alan frost photography

in monochrome with occasional colour lapses

Posts from the ‘Photography’ category

First light at Ringstead Bay – a new beginning

Photographically speaking I do not feel this year has been that productive. I have been thinking a lot about the future direction of my photography but not been making many new images.

In the past I would have regularly slung a camera over my shoulder or taken one out in a small bag in the hope that something might grab my attention. In recent months  I haven’t bothered to do so and I know I have missed some opportunities. However if the creative juices aren’t flowing then I don’t believe that you can force the issue. If you are not in the right frame of mind then perhaps a break is required in the hope that given time the desire to make new images returns.

The picture in this post gives me some encouragement. It was captured last week as my wife and I took our dog for an early morning walk at Ringstead Bay in Dorset. I had a camera with me, a Sony RX100. A compact camera which I very much enjoy using when I remember to pick it up before I go out!

I didn’t see much to photograph apart from the morning light shining on the mobile homes which overlook the bay. The sky was dark but on the horizon lay the prospect of a brighter day. When I took the shot I immediatley knew how the final image might look. I have not experienced that feeling for quite a while.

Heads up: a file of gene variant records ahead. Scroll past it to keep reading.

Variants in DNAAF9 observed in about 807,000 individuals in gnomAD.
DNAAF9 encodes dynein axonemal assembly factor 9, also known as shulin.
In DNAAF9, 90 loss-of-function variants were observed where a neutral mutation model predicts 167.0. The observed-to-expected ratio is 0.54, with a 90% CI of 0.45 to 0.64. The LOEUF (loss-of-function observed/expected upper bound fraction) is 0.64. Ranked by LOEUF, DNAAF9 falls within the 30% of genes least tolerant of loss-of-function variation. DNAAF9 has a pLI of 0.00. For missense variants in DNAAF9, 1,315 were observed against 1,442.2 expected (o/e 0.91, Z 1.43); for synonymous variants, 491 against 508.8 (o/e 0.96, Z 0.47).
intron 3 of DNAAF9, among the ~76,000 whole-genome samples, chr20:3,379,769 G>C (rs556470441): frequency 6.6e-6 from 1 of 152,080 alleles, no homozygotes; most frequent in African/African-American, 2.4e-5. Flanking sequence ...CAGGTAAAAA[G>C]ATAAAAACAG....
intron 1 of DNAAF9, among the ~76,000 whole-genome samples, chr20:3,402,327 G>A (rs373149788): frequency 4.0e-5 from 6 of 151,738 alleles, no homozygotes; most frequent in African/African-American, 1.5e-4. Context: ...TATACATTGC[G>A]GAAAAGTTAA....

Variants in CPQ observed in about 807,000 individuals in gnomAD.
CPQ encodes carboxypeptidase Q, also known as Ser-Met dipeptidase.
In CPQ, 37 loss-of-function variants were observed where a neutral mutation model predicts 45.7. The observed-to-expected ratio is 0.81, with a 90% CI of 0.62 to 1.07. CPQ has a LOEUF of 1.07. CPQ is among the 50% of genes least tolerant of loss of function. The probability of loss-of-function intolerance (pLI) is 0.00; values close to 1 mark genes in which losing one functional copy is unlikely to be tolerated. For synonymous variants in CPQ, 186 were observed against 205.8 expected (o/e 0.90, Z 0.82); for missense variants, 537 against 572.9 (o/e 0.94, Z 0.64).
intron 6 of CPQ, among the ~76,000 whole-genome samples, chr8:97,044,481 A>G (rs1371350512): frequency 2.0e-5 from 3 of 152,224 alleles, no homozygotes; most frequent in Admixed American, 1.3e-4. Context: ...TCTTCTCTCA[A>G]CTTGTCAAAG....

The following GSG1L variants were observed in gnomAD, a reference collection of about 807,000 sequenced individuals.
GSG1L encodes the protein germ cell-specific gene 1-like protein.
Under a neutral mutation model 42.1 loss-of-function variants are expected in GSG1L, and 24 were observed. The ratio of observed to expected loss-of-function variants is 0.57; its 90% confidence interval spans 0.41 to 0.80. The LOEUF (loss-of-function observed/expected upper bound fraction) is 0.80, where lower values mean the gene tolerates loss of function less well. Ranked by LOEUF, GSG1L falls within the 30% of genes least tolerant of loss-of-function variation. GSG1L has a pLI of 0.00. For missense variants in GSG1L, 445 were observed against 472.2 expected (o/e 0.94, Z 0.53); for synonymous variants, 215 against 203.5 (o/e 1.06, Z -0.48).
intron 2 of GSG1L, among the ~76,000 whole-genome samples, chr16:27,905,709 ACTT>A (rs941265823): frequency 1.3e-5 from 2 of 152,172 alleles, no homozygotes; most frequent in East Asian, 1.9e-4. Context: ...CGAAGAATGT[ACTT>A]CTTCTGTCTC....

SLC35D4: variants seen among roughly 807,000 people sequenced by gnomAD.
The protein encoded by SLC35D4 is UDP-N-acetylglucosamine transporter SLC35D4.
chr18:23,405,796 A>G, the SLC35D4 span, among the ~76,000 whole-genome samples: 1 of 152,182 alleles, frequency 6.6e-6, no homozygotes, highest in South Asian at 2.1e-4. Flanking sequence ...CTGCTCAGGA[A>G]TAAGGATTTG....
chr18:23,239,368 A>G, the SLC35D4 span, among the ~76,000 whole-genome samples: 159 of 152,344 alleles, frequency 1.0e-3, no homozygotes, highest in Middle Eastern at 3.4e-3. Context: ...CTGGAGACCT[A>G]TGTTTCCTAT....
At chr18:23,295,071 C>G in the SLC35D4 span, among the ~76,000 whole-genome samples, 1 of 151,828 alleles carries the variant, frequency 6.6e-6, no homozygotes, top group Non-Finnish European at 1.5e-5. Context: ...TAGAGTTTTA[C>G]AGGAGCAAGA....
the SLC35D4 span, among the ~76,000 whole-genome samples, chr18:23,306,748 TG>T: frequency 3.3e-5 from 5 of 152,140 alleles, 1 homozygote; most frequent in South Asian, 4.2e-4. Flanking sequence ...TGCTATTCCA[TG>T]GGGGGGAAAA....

A metaphor possibly for a return to a more creative period? I do hope so……

Harthope Valley in The Cheviots – A nod to Fay Godwin

During a recent visit to Northumberland I visited Harthope Valley in The Cheviot Hills. It reminded me of Fay Godwin who is one of my favourite photographers. She was famed for her black and white photographs of the British Landscape as well as being a very fine portrait photographer.

Below is a short extract from an obituary published in The Daily Telegraph on May 30th 2005.

‘Fay Godwin, who died on Friday aged 74, was the foremost landscape photographer in Britain, and also collaborated with the poet Ted Hughes, going on to produce portraits of other writers; her insight into the British countryside, which led her to be compared with the great American photographer Ansel Adams, was also her recreation, and she was president of the Ramblers’ Association from 1987 until 1990.

Her photographs, which captured the differing moods and textures of moors, forests and country trails with a remarkable sensitivity and lack of sentimentality, were mostly produced in black and white, but with an extraordinary tonal range’.

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Dunstanburgh Castle – constantly changing stillness

What does this title mean exactly? Let me explain.

Whenever I visit a beautiful location for the first time, there comes a point when I have to leave, to head home and then long to return another day. I distinctly remember when I first witnessed the glorious Lake District. It was many, many years ago and I was on my way back from Scotland with my parents. We decided to take a detour through The Lakes as we had never visited this part of the UK before. We didn’t stop or stay, just drove through and admired the view.

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